Explore The ABLC Topics
Kansas' law requiring people to show documentary proof of citizenship when they register to vote is a mess. And when Secretary of State Kris Kobach tried to defend it in court himself, things didn't go well.
Justice Sotomayor's dissent puts into perspective just how much is at stake with the U.S. Supreme Court's refusal to safeguard voting rights.
Justice Thomas' concurring opinion in Collins v. Virginia makes clear that he is living in a fantasy of his own creation—not the reality where Black people are routinely stripped of their Fourth Amendment rights.
The president is stacking the courts with right-leaning extremists who will languish on the bench for decades, doing their best to strip marginalized people of their civil rights. This should alarm you.
Black women may continue to be discriminated against even though having traditionally Black hairstyles has no bearing on a person’s fitness for a particular job.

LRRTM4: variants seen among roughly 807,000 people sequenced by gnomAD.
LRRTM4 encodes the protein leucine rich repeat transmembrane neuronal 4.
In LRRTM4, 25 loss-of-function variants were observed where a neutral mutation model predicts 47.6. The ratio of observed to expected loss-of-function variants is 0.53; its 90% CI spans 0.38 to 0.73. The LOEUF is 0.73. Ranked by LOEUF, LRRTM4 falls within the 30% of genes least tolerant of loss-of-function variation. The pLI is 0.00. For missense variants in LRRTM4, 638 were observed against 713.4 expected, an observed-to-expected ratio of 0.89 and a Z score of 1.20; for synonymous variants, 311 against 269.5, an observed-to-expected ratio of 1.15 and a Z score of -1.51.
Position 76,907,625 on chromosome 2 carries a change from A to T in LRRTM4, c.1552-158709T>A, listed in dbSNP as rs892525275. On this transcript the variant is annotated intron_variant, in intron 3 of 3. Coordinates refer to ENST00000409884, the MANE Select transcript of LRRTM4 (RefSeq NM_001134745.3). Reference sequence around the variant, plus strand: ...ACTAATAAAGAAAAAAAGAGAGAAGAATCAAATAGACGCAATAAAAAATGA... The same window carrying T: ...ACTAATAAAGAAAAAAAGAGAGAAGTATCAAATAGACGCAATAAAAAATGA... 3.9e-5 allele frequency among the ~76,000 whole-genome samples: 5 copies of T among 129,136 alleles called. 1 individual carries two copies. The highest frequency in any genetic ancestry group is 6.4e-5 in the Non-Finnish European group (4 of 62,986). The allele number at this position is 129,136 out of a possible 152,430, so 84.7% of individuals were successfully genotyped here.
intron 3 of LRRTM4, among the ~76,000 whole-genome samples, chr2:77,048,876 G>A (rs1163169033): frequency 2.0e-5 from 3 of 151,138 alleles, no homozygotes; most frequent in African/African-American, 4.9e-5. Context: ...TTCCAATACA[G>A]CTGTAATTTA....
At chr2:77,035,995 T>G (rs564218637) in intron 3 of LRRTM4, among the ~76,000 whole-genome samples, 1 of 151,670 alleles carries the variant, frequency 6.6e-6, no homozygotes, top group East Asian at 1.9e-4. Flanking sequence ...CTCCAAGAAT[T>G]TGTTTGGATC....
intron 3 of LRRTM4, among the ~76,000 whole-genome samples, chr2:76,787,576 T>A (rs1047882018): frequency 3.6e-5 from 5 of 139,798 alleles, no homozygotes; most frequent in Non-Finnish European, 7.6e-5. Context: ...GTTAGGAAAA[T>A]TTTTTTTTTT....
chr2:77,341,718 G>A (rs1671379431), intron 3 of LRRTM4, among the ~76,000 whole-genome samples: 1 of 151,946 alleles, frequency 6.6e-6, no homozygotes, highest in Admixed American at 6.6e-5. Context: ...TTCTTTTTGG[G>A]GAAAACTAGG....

The "Protect and Serve Act" would serve to further criminalize already overpoliced communities.
They don't worship Satan, despite what you might have read. But they do believe in bodily autonomy. And the Constitution.
The rule outlaws intentional racial discrimination, of course; such a thing is already unconstitutional. But it also outlaws peremptory challenges based on “implicit, institutional, and unconscious” race and ethnic biases.
The prosecution labeled the white prospective jurors as “W” and the Black prospective jurors as “N” and singled out the Black prospective jurors by marking dots in the margins next to their names.
Ultimately, a Kobach loss could halt the domino effect of other states passing similar laws designed to undercut the right to vote.
Corey Stewart, who was seemingly endorsed by President Trump, has close ties to a white supremacist group whose members were never far from Stewart's side during his failed gubernatorial run.